For some reason today I was thinking back over the last few months, and it occurred to me that there are some streets close by I have not walked for some time that early in lockdown I seemed to walk daily. It’s one of those things that tell me this period has had a trajectory, and although probably in years to come in many history books lockdown will be described as a homogenous period, it has had its twists and turns just as any period of time has. Twists and turns for individuals and for all of us. So I decided to walk a route that was part of my routine in that early part of lockdown, a route that took in shops and streets on the way to where I was delivering groceries. I didn’t include Sainsbury’s at the Elephant, but it’s weeks since I have been there either.
Much seemed the same, but on one street I was struck by the pile of brown leaves that had blown up into a pile in a corner. We started this lockdown in spring and the trees were coming into leaf. Now we are at the end of July, summer is past its peak and already some leaves are turning. I feel as though time has slipped by me, that I have stood still and it has flowed around and beyond me. It is a feeling echoed by my neighbours opposite. They are both working from home. In a one bedroom flat that is quite tough. One of them has described it more as living at work. Continue reading
It was a late night and I didn’t post yesterday. The plan had been to have socially distanced cocktails outside but it rained, so it turned into socially distanced cocktails via Zoom. And it went on until midnight. Fortunately there were snacks as well as cocktails so hangovers were averted. The rest of the day had been shopping, cooking, reading a hard copy of The Guardian for the first time in weeks, playing with MasterB. I found a bouncy ball he used to love, and he enjoyed it very much, though today he seems to have lost interest in it.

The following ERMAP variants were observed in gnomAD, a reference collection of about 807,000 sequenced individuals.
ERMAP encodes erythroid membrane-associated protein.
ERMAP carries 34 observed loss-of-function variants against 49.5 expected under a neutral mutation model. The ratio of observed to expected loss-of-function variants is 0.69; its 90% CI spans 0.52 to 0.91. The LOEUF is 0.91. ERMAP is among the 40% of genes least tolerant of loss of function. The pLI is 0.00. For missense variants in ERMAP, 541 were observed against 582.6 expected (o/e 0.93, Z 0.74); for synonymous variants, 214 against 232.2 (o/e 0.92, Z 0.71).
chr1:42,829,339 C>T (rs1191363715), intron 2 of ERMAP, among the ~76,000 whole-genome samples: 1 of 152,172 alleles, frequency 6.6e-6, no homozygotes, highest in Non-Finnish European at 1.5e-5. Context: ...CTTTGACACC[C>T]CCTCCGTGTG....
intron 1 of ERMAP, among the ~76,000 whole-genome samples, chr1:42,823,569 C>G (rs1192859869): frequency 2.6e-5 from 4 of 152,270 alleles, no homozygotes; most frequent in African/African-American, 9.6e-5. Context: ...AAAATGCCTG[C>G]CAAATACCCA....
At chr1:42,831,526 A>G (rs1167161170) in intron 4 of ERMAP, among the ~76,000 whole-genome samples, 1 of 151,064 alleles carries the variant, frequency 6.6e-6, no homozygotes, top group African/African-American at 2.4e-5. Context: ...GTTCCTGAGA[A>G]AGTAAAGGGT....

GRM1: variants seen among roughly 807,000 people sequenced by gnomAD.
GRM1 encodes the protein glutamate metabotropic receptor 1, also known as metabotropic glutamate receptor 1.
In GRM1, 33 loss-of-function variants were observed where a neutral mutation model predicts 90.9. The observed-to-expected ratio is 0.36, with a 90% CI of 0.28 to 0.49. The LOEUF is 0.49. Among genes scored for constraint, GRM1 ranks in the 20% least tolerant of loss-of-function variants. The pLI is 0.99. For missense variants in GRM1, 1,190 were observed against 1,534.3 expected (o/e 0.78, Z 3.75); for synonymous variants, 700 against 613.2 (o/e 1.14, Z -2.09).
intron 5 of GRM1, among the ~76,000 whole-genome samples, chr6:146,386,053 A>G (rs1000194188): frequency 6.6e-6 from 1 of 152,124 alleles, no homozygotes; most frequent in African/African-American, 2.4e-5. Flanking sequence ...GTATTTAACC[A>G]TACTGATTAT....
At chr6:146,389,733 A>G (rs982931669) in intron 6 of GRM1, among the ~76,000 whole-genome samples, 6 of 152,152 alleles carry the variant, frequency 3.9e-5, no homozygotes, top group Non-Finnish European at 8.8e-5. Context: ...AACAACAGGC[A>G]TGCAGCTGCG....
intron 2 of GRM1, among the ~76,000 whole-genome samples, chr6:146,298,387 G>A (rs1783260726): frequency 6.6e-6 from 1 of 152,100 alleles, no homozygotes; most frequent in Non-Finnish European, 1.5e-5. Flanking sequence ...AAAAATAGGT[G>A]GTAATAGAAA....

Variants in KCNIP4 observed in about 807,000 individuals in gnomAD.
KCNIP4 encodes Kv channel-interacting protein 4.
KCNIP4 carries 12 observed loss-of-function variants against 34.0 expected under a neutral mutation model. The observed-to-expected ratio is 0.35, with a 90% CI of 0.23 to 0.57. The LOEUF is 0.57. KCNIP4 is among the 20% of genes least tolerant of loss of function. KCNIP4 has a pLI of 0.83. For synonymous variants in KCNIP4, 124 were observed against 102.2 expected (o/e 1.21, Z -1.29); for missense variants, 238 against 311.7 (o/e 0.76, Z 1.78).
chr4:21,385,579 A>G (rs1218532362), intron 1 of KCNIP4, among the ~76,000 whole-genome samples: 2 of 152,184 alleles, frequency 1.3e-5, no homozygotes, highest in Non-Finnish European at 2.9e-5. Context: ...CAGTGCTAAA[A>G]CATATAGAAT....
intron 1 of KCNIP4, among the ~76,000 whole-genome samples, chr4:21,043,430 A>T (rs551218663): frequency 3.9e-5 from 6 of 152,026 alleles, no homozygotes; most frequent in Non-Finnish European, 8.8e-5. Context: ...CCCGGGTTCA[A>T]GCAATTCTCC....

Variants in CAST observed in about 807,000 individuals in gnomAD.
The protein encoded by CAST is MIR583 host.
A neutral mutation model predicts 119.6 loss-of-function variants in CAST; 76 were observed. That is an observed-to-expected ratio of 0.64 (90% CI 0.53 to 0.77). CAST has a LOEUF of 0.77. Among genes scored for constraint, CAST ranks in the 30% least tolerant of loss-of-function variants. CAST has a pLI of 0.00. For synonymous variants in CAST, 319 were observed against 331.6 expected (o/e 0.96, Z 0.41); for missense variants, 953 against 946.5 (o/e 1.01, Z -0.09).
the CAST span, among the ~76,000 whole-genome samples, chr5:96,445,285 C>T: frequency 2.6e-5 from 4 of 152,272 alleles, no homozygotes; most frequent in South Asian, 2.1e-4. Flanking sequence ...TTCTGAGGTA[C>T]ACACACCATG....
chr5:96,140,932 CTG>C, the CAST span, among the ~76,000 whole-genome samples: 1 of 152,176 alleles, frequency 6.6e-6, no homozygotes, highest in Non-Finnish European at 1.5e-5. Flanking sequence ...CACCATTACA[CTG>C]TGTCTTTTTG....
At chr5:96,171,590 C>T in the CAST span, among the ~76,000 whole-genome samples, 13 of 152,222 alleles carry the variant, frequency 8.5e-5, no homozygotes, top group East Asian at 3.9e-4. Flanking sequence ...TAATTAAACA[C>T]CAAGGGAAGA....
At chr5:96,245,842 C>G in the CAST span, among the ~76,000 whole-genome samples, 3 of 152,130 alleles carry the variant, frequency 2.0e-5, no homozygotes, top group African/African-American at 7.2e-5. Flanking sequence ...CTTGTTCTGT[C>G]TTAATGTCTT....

I made the chickpea scramble and it has shot to a high place in my favourite quick and easy and very tasty light meals. I liked it so much I had it for lunch again today. Yesterday I had it with spinach, today with spring greens. Both were good, but the spinach was a better meal. Continue reading
When all those weeks ago we had our first Clap for Carers it was great. Those of us who were suddenly living more sequestered, less social lives, our work and income gone, felt like we were doing something. We might be spending our days at home, catching up on long neglected tasks, clearing cupboards, or in my case doing jigsaws, but we knew in the hospitals staff whether medical or other were working hard. Delivery drivers came to the rescue of those who could not leave their homes; post became erratic, but still came; paramedics, fire officers, police, street cleaners, bus and train drivers have been working. So it was a shout of recognition that we knew and appreciated that often their health was compromised by going to work while we stayed safe. It was also a great chance to see neighbours, to wave at friends who stayed firmly behind closed windows. It was unexpectedly sociable. Continue reading
Next week 20th March it will be eight years since Freddy, aka Cat, aka Freddy the Gorgeous Boy, aka Monkey, died. My lovely boy. Again on the Sunday following the anniversary I shall be remembering him, and all the other animals who have enriched my life, by lighting a candle and raising a glass (or two). There’ll definitely be a toast to MasterB, Freddy’s very worthy successor. MasterB is Freddy’s legacy, and I love him as much as I loved Freddy. I am fortunate. Two cats, two treasures. Continue reading